Skills gap assessment/analysis

Use a solution like TalentBoost to get a bird’s eye view of your company skills – either on a team or per-employee level. Based on your findings, you can decide how to proceed. Whether to conduct training, design the right career paths for your current employees, or decide on hiring for the skills you currently lack.

Skills gap assessment/analysis

Source: TalentBoost

Assessing candidates

Work sample coding tests

Work sample coding tests let you evaluate candidates’ IT skills in the screening stage. With DevSkiller’s TalentScore solution, you can filter out applicants who have poor skills and focus the remainder of your recruitment on the very best candidates.

For the candidates you do decide to hire, you can use the information gathered at the recruitment stage to keep track of what they bring to the organization. One way of doing so is to merge your technical screening data with your skills management solution to create data-rich profiles.

Work sample coding tests

Source: DevSkiller

Soft skills evaluation

For candidates with high work sample test results, schedule a soft skills evaluation with HR and the hiring manager. This way, you’ll be able to check if the applicant seems like a good fit for the team.

Tech interviews

Once you’ve shortlisted your candidates, schedule a tech interview. You can conduct a pair programming session, where the hiring manager and/or tech lead works with the applicant on a live task. You can use TalentScore to organize pair programming remotely.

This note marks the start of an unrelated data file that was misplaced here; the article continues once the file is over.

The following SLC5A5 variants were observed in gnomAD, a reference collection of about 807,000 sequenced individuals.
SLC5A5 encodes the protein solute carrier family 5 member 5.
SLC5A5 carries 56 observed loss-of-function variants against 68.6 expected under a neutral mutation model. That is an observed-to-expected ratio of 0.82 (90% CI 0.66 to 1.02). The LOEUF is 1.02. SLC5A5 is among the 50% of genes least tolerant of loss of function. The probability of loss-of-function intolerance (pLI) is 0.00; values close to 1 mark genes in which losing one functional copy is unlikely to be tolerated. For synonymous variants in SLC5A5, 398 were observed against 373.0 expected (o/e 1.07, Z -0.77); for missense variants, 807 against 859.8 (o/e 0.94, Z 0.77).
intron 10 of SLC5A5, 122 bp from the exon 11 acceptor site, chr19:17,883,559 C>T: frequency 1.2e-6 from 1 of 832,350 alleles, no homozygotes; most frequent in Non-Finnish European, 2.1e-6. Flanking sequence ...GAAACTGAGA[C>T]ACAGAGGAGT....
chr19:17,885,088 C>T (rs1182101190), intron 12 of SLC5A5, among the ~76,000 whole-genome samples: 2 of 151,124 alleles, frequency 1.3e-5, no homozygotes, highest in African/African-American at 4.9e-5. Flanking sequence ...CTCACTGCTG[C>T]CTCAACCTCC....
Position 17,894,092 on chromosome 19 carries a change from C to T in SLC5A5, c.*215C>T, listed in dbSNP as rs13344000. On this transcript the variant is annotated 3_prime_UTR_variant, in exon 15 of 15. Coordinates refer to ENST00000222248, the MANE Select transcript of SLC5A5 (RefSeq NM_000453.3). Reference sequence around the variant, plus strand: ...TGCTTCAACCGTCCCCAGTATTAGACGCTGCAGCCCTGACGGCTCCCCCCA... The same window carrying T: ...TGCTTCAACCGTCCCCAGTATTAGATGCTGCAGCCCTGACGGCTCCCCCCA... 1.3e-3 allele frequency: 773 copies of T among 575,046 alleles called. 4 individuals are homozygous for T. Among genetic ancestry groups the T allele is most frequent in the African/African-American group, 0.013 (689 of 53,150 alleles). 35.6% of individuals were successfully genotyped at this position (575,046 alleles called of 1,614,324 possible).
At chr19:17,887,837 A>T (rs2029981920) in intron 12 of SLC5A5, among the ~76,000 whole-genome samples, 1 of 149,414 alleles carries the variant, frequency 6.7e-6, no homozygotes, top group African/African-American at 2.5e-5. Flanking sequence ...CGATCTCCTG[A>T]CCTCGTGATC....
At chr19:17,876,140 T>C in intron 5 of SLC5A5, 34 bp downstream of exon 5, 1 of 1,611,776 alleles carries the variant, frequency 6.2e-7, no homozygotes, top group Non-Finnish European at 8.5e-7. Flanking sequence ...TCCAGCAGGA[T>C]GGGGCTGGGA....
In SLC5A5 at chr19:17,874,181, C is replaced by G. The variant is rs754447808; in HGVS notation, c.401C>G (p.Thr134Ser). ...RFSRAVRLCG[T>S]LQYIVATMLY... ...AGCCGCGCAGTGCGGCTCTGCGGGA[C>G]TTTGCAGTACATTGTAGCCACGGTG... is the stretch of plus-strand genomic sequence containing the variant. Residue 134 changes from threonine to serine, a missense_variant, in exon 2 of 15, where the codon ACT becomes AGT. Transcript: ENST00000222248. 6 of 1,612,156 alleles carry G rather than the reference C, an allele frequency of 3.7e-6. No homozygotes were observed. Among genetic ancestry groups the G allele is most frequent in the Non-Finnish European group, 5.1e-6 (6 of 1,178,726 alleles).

Tech interviews

Source: DevSkiller

Discuss career objectives

Before you decide to extend a job offer, schedule a quick call or meeting to discuss your candidate’s career objectives. You need to ensure that their interests and long-term goals align with the growth opportunities at your company and see how you can tap into them to keep the candidate engaged. While you might lose highly-skilled candidates at the last stage, it might be for the greater good as you’ll prevent employee attrition.

Skills-specific employee onboarding

Last, but not least, focus your employee onboarding on skills that are either most important for the job from ‘day one’ or those that you want them to eventually develop.

Summary

Competency assessments help organizations become aware of the skills and skills gaps of their employees. This information is incredibly valuable from a strategic point of view for C-level, management, and HR. Firstly, it allows them to plan how they can upskill employees to avoid recruitment costs. Secondly, if they need to hire externally, competence assessments will help them craft candidate requirements for optimal results.

Competency assessments are also beneficial when it comes to rapid onboarding. Assessing a new hire as soon as they start or using the data obtained at the recruitment stage, will help you quickly establish the areas that need development. Furthermore, you can also use competency assessments to evaluate the effectiveness of training and tailor it for each employee.

Last, but not least, aligning the goals of the company with those of the individual will benefit both groups and boost employee satisfaction and retention rates. If you’d like to see how competence assessments can support your talent management strategy, give TalentBoost a try!

Image credit: Unsplash